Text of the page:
©2019 Mary Penich – All Rights Reserved

N… Name!

He called his disciples and selected twelve of them to be apostles: Simon, to whom he gave the name Peter, and Andrew, James and John, Phillip and Bartholomew, Matthew and Thomas, James son of Alphaeus, Simon called the Zealot, Judas son of James and Judas Iscariot.
From Luke 6:13-16

N is for Name. My name is Mary Ellen. My recently widowed aunt suggested this name to my mom just after I was born. In tribute to her sister, my mom gave me called me Mary Ellen. Still, every time she visited, our elderly cousin Bertha insisted upon calling me Margaret Mary. When I reminded her of my actual name, Bertha always responded with the same explanation: “Oh, I know your name. It’s just that I love the name ‘Margaret Mary’ and I love you.” Needless to say, I didn’t mind our cousin’s extra attention or her love. Both made me feel very special.

God gives us parents some latitude in naming our children. This is quite a gift since God knows the value of our names. God renamed Abram when God sent him off. Abraham would father the Jewish people. Jesus gave Simon a new name. Simon Peter became the rock upon whom Jesus built his church. Later, when Saul persecuted Jesus’ followers, Jesus stepped in and renamed him as well. Paul became one of our greatest Christian preachers.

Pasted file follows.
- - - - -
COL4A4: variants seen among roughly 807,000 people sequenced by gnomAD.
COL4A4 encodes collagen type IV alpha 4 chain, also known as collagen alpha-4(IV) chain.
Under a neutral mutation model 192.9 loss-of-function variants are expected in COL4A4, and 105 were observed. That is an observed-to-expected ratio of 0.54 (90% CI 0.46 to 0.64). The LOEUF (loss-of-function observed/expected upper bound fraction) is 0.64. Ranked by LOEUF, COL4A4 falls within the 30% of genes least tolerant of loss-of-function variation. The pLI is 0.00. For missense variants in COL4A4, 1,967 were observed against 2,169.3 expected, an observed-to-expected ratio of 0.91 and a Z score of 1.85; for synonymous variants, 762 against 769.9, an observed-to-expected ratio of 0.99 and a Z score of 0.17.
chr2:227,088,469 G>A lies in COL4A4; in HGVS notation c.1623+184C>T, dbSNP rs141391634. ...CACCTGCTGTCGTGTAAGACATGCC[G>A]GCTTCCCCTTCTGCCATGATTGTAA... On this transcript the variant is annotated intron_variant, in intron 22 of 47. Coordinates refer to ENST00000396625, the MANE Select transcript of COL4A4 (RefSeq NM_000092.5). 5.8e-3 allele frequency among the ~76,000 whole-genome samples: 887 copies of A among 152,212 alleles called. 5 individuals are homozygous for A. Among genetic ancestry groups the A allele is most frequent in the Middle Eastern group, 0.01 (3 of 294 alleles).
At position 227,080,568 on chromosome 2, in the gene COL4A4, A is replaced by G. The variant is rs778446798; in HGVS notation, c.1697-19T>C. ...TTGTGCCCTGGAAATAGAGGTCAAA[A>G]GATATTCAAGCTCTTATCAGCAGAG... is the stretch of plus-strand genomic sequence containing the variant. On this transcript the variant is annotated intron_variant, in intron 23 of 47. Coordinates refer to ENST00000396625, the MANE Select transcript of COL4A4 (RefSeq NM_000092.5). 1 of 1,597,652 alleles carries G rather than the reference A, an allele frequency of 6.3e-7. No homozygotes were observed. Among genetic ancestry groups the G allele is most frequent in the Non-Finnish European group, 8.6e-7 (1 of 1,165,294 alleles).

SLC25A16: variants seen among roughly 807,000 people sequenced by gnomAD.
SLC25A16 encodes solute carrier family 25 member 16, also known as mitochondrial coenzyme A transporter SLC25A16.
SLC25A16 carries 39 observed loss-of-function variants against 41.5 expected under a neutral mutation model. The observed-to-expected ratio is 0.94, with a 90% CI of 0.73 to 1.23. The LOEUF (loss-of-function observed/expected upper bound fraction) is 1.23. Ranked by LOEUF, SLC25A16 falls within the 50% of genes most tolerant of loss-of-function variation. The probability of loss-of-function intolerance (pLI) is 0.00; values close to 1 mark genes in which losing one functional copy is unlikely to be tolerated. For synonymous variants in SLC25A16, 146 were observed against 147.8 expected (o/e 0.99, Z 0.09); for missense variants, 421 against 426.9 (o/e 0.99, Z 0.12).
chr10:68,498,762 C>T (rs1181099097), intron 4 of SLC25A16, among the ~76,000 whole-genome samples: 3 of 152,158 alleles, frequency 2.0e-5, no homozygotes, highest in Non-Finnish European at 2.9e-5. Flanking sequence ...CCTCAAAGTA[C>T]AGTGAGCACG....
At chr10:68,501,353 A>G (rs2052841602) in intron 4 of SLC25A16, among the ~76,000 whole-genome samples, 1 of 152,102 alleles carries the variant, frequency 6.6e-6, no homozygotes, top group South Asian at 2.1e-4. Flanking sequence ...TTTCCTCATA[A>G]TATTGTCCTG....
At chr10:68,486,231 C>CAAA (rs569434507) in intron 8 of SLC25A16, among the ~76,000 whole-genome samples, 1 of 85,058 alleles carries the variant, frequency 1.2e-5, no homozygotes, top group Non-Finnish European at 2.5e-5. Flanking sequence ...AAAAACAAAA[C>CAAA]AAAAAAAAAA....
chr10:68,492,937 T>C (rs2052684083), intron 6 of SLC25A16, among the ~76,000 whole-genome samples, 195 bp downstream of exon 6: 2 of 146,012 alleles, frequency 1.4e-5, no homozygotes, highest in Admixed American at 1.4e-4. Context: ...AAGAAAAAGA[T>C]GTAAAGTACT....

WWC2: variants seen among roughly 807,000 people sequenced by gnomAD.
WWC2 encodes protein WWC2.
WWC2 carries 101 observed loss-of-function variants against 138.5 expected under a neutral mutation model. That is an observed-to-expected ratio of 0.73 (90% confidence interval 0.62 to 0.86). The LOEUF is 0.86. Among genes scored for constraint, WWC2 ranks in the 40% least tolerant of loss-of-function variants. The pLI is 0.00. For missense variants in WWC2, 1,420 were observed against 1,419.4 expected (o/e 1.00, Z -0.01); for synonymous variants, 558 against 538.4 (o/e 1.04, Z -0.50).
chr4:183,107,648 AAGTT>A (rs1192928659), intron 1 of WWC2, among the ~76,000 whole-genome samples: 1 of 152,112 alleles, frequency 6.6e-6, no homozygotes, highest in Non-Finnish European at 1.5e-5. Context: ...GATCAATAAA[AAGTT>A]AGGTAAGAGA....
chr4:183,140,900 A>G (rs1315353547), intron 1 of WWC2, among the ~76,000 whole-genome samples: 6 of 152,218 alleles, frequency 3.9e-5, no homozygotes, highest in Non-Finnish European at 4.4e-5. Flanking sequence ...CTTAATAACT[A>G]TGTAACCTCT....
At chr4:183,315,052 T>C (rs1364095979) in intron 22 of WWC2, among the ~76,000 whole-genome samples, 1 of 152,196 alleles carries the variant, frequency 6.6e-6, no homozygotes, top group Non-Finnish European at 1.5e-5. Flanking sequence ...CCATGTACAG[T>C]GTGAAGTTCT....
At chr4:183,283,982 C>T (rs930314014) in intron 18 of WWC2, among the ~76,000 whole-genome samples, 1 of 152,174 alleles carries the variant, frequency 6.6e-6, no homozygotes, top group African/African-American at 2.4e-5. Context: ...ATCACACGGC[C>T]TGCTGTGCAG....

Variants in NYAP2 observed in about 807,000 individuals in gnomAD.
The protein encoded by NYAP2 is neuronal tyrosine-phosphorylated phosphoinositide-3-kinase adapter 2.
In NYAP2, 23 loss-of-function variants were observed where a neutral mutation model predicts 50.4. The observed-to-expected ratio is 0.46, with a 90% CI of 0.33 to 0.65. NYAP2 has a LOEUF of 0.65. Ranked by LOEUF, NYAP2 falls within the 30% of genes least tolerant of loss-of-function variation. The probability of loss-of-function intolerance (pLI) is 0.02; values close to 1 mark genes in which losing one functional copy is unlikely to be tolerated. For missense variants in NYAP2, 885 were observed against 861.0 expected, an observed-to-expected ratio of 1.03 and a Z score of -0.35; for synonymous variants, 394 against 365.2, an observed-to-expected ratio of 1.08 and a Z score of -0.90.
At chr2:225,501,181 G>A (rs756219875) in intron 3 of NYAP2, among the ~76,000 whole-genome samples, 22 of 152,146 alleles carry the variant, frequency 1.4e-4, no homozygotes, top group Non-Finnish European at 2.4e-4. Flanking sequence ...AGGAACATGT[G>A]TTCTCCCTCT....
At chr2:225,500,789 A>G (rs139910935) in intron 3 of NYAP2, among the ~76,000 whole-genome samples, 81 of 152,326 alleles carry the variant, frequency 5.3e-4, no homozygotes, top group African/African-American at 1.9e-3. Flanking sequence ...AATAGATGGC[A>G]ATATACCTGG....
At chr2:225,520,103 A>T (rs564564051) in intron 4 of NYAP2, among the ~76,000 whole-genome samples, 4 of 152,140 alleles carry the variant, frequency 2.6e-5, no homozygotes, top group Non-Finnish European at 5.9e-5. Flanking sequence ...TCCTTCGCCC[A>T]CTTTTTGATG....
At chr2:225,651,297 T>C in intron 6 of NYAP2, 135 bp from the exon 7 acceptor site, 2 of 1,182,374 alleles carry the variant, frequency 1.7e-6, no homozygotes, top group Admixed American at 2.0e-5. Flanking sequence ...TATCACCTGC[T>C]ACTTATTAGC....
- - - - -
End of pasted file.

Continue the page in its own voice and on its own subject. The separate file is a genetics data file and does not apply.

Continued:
Though my two names were bestowed with a bit less fanfare, God uses them with the same expectation. In every opportunity which comes our way, God calls all of our names with great love and with great hope in our responses.

Dear God, I will listen as you call my names, both of them!

©2019 Mary Penich – All Rights Reserved